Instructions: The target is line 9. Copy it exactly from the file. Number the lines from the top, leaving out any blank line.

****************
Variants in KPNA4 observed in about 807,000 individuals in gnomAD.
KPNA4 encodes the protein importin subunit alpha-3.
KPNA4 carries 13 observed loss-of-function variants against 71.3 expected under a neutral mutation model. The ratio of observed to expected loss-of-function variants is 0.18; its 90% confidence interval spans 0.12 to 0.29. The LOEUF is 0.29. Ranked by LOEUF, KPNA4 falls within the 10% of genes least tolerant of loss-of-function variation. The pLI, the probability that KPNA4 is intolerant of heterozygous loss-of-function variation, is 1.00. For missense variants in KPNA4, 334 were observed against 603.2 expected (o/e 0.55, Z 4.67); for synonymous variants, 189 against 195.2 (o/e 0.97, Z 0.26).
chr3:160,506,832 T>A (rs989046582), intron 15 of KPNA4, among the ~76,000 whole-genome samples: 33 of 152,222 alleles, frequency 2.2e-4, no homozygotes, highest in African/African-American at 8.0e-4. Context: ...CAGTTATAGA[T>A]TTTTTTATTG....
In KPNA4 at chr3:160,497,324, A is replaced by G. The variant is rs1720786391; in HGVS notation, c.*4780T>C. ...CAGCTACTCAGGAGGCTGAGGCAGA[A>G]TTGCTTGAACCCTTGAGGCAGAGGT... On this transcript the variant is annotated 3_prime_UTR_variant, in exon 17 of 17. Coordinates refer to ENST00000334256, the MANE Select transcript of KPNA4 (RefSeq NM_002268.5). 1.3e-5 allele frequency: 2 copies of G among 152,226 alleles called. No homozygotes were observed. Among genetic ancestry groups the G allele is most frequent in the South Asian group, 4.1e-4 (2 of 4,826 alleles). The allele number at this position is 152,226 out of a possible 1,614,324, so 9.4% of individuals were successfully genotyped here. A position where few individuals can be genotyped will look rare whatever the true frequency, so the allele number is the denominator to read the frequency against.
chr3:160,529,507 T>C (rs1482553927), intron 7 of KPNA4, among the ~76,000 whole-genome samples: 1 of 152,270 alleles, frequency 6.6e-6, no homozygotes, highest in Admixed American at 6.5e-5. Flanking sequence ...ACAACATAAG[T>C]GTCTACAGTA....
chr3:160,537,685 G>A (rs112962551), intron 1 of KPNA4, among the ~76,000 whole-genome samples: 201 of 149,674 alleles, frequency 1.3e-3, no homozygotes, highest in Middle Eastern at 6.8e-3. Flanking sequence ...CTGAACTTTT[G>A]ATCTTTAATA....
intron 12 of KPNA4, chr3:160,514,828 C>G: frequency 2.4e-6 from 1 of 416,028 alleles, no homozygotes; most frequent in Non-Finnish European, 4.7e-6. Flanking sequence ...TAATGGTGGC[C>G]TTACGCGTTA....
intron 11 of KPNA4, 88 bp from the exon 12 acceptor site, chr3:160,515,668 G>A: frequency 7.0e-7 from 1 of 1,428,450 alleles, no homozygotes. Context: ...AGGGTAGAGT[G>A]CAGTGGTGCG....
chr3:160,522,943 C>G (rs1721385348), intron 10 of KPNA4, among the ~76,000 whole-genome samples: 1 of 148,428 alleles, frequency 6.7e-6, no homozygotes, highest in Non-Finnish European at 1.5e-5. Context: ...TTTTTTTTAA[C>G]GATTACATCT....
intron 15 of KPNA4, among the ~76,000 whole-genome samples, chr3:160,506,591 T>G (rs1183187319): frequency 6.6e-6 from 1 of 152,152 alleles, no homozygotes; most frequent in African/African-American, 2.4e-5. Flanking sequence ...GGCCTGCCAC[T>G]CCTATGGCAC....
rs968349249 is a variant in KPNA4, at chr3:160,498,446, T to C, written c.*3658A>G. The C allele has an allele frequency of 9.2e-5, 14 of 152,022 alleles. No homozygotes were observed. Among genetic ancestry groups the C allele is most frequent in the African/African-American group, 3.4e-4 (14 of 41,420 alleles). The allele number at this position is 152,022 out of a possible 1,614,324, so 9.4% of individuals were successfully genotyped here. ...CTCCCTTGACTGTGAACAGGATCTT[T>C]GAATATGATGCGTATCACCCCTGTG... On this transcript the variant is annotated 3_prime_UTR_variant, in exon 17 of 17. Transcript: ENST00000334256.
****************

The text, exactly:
intron 11 of KPNA4, 88 bp from the exon 12 acceptor site, chr3:160,515,668 G>A: frequency 7.0e-7 from 1 of 1,428,450 alleles, no homozygotes. Context: ...AGGGTAGAGT[G>A]CAGTGGTGCG....